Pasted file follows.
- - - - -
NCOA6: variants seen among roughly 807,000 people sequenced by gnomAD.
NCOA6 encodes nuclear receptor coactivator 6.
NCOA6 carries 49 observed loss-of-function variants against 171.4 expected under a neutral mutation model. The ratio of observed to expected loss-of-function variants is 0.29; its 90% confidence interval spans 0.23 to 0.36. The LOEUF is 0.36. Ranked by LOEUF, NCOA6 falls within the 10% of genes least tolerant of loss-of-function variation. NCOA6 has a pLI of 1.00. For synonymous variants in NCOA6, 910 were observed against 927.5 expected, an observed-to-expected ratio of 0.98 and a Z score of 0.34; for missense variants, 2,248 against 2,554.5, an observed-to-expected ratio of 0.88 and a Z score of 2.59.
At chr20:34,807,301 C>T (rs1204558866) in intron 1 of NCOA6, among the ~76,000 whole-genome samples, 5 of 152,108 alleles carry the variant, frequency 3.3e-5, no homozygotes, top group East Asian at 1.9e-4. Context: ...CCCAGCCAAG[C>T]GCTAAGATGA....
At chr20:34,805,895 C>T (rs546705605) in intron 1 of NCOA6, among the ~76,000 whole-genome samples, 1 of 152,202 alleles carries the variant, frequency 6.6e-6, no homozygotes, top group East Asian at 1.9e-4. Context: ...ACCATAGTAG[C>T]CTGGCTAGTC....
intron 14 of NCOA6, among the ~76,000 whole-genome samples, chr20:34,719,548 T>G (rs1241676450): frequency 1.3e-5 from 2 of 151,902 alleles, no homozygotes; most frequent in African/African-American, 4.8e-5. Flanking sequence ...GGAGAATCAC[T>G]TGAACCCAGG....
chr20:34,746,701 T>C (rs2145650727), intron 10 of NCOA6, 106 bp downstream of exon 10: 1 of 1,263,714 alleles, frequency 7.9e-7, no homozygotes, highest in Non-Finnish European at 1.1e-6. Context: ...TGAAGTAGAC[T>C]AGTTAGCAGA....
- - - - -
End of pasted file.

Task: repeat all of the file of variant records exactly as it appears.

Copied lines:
NCOA6: variants seen among roughly 807,000 people sequenced by gnomAD.
NCOA6 encodes nuclear receptor coactivator 6.
NCOA6 carries 49 observed loss-of-function variants against 171.4 expected under a neutral mutation model. The ratio of observed to expected loss-of-function variants is 0.29; its 90% confidence interval spans 0.23 to 0.36. The LOEUF is 0.36. Ranked by LOEUF, NCOA6 falls within the 10% of genes least tolerant of loss-of-function variation. NCOA6 has a pLI of 1.00. For synonymous variants in NCOA6, 910 were observed against 927.5 expected, an observed-to-expected ratio of 0.98 and a Z score of 0.34; for missense variants, 2,248 against 2,554.5, an observed-to-expected ratio of 0.88 and a Z score of 2.59.
At chr20:34,807,301 C>T (rs1204558866) in intron 1 of NCOA6, among the ~76,000 whole-genome samples, 5 of 152,108 alleles carry the variant, frequency 3.3e-5, no homozygotes, top group East Asian at 1.9e-4. Context: ...CCCAGCCAAG[C>T]GCTAAGATGA....
At chr20:34,805,895 C>T (rs546705605) in intron 1 of NCOA6, among the ~76,000 whole-genome samples, 1 of 152,202 alleles carries the variant, frequency 6.6e-6, no homozygotes, top group East Asian at 1.9e-4. Context: ...ACCATAGTAG[C>T]CTGGCTAGTC....
intron 14 of NCOA6, among the ~76,000 whole-genome samples, chr20:34,719,548 T>G (rs1241676450): frequency 1.3e-5 from 2 of 151,902 alleles, no homozygotes; most frequent in African/African-American, 4.8e-5. Flanking sequence ...GGAGAATCAC[T>G]TGAACCCAGG....
chr20:34,746,701 T>C (rs2145650727), intron 10 of NCOA6, 106 bp downstream of exon 10: 1 of 1,263,714 alleles, frequency 7.9e-7, no homozygotes, highest in Non-Finnish European at 1.1e-6. Context: ...TGAAGTAGAC[T>C]AGTTAGCAGA....